• Renault gave a presentation touting its battery electric credentials. The forthcoming Renault 5 will cost 33% less than the Zoe currently on sale and thinks that it can reduce total cost of ownership by almost €1,000 through V2G charging and residual value improvements. Renault also thinks it will have better range than competitors. The company also increased its commitment to battery electric vehicles and now aims to launch 10 by 2025. (Renault)
  • Reportedly interested in taking a stake in charging network Ionity. (Economic Times of India)
  • Announced supply agreements for batteries with Envision and French start-up Verkor. The former will build a battery factory on the site of an existing Renault engine factory. (Renault)

Stellantis (formed via the merger of PSA and FCA)

  • Will hold an electric vehicle presentation for investors on 8th July. (Stellantis)
  • The Grandland SUV received a minor refresh. (Auto Express)
  • Reportedly set to award a new model, an all-electric van, to the Ellesmere Port, UK, plant after the government offered more support. (The Guardian)
  • Reported Q2 2021 sales of 485,312 units, up 32% on a year-over-year basis. The improvements were led by the Jeep brand and Ram pickup truck. (Stellantis)

Tata (includes JLR) (history)

  • Tata’s domestic sales in Q2 2021 of 107,786 units rose more than three times versus prior year. (Tata)
  • Jaguar’s all-electric car range will be priced at around £100,000 as part of a move to take the brand more upmarket. It isn’t clear how the existing electric I-Pace, which will likely continue and has a far lower price, will affect efforts to change the marque’s status in the eyes of customers. (Auto Express)

Tesla (history)

  • Tesla’s deliveries of 201,250 cars in Q2 2021 rose 121% on a year-over-year basis, thanks to growth from Model Y which more than offset continuing problems with the ramp-up of the refreshed Model X and Model S. (Tesla)
  • Started deploying vision-only driver assistance to vehicles, doing away with radar sensor input. Tesla says that vehicle performance will take a step back at first. (Electrek)

VW Group (history)

  • Lost a court case in Ohio where the state was suing for its own settlement for the diesel scandal. VW argued that it had compensated the US federal government for all violations and the matter was settled. The case may go to the US Supreme Court. (Handelsblatt)
  • VW’s head of sales says that 95% of car transactions now start with a visit to the brand’s website and in Germany, he doesn’t see a noticeable bias towards electric vehicles amongst different generations, saying it is more a function of attitude than age. He claims that the Project Trinity electric car promised for 2026 will usher in a host of other changes at the company, including a “neural network above and beyond the fully connected vehicle fleet”. (VW)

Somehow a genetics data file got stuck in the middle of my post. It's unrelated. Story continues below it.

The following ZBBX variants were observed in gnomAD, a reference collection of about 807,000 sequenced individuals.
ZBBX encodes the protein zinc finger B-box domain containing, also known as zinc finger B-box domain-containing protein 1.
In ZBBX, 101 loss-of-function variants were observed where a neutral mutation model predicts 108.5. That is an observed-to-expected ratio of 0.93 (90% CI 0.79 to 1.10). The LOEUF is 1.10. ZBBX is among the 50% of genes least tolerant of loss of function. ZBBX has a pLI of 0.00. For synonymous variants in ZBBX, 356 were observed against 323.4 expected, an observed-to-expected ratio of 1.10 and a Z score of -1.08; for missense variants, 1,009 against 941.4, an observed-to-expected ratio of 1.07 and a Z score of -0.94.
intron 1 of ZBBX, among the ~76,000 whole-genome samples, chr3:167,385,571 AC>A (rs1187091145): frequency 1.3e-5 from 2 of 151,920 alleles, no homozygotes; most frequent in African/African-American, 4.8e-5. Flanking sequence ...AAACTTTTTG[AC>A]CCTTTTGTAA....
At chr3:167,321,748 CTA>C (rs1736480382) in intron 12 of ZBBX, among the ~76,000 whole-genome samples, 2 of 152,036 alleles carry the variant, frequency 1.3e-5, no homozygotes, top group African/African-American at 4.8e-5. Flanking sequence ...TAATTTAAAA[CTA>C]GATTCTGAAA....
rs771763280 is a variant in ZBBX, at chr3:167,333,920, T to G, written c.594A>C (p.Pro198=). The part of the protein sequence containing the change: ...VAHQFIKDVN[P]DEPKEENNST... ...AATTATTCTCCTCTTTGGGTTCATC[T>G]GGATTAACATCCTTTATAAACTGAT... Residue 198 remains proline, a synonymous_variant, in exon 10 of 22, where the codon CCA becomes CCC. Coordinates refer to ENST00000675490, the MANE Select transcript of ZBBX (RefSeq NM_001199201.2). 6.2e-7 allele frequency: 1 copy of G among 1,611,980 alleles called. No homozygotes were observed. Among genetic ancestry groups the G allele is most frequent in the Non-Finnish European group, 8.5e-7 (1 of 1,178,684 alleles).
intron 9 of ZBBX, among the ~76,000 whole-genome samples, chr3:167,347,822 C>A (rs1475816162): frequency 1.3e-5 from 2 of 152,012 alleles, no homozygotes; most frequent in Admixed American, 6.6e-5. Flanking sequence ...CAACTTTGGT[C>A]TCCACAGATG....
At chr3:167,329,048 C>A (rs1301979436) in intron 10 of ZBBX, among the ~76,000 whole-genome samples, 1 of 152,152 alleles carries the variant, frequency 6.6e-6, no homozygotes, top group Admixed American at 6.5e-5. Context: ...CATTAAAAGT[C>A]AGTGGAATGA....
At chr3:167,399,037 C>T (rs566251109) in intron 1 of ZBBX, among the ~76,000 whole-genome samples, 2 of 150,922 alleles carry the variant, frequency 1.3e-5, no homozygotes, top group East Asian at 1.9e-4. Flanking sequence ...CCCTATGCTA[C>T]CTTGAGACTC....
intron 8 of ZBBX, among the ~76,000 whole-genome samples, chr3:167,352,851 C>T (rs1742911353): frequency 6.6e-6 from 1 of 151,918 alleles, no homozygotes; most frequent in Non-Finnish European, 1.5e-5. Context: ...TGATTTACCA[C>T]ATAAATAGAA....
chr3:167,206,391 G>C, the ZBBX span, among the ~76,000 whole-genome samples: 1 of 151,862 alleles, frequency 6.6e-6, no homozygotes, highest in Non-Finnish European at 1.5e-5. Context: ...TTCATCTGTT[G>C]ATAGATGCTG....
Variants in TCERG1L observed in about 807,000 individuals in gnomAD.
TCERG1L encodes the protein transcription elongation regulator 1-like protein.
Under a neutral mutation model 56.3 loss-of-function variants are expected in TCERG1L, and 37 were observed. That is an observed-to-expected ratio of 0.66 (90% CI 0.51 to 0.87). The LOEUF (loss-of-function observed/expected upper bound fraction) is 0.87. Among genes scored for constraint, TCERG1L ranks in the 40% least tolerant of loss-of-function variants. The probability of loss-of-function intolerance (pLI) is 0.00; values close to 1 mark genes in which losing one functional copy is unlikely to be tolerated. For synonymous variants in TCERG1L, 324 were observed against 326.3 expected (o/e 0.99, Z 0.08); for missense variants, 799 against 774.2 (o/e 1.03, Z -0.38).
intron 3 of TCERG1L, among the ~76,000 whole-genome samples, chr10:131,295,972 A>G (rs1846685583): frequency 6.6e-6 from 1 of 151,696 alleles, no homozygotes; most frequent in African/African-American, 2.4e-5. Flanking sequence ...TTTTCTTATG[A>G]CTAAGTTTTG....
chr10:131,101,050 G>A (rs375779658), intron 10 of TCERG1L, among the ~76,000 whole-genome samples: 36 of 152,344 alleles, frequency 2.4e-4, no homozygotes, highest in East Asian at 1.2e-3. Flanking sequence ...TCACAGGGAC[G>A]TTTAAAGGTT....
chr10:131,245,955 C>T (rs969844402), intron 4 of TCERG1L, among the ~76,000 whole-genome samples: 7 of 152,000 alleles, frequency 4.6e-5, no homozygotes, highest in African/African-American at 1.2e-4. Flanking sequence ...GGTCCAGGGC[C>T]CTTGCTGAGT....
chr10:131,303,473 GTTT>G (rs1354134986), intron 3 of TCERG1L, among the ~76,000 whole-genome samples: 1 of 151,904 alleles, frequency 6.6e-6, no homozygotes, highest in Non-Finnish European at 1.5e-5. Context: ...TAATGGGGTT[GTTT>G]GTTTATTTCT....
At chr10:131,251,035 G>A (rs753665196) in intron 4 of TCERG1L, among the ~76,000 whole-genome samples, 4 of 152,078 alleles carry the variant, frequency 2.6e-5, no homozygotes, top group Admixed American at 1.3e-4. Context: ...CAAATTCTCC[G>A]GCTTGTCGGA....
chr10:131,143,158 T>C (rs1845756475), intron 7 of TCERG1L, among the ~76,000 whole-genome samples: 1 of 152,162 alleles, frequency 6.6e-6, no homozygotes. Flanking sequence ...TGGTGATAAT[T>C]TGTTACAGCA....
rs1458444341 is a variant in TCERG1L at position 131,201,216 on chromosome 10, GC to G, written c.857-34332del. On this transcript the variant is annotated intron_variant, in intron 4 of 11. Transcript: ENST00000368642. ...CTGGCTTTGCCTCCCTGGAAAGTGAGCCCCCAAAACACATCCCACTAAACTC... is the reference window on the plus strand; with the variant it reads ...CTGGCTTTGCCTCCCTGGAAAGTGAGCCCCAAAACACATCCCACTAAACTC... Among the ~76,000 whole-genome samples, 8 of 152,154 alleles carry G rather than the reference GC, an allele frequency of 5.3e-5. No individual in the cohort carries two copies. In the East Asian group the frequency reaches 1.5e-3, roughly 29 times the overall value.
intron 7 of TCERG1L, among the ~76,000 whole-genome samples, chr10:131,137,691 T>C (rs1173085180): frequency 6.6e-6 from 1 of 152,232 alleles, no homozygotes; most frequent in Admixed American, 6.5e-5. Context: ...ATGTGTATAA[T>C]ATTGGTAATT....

• Porsche says that suppliers wanting to bid for new contracts will need to show they are using renewable energy for all projects awarded after July 2021. (Porsche)


  • Lordstown is reportedly under investigation by the US justice department. (Detroit News)
  • Atlis says that it has $300 million of funding lined up. (Atlis)
  • Fisker trumpeted the CEO’s visit to manufacturing partner Magna’s factory. In photos released to the press of his inspection, he strode around without safety shoes. (Fisker)
  • Nio sold 21,896 cars in Q2 2021, up 112% vs prior year. (Nio)
  • VinFast aims to sell 160,000 – 180,000 cars in the US, once it gets up to speed. (Nikkei)
  • Ssangyong was granted more time by a South Korean judge to find a buyer after HAAH, who had been kicking the tyres, appeared to drop out. (Korea Herald)

News about other companies and trends

Economic / Political News

  • The EU reckons that average new car emissions in 2020 fell to 107.8g CO2 / km. The official target is 95 g CO2 / km but compliance can be reached through super credits for emission free cars and in 2020 OEMs were able to exclude their worst performing vehicles from calculations. The EU seemed happy. (EU)
  • The UK car manufacturers trade body said the country needs 60 GWh of local battery manufacturing capacity in place by 2030 and 2 GWh of fuel cells. (SMMT)
  • US SAAR during June of 15.4 million units rose 18% versus prior year. (Wards)
  • There were 186,128 passenger car registrations in the UK during June, up 28% on prior year. (SMMT)
  • Germany saw 274,152 new car registrations in June, up 25% on June 2020. (KBA)
  • Spanish registrations of 96,785 cars in June rose 17% on a year-over-year basis. (ANFAC)
  • Italian sales of 149,438 cars in April 2021 were 13% above prior year levels. (UNRAE)
  • June sales of 199,509 cars in France dropped (15)% versus a year ago. (CCFA)


  • CATL signed a contract extension with Tesla to supply batteries through to 2025. (Clean Technica)
  • Eberspaecher announced the acquisition of Vairex Air Systems / Victori. (Autocar)


Driverless / Autonomy (history)

  • Sensata Technologies will invest in Quanergy and help it bring new lidar products to market. (Quanergy)
  • Driverless car start-up Ghost raised $100 million. (Ghost)

Electrification (history)

  • BP invested $7 million in charging firm IoTecha. (IoTecha)
  • Renault and Shell are reportedly interested in taking stakes in charging network Ionity. (Economic Times of India)
  • Renault reckons that a car plugged in eight hours per day could yield €400 per year from V2G. (Renault)


  • Volvo is building a “data factory” that will hold 200 PebiBytes of information from connected cars that Volvo can use to make changes to driver assistance packages, in the same way Tesla does. (Volvo)


  • Yamaha invested in online used motorbike dealership CredR. (Autocar)


Find our archive here.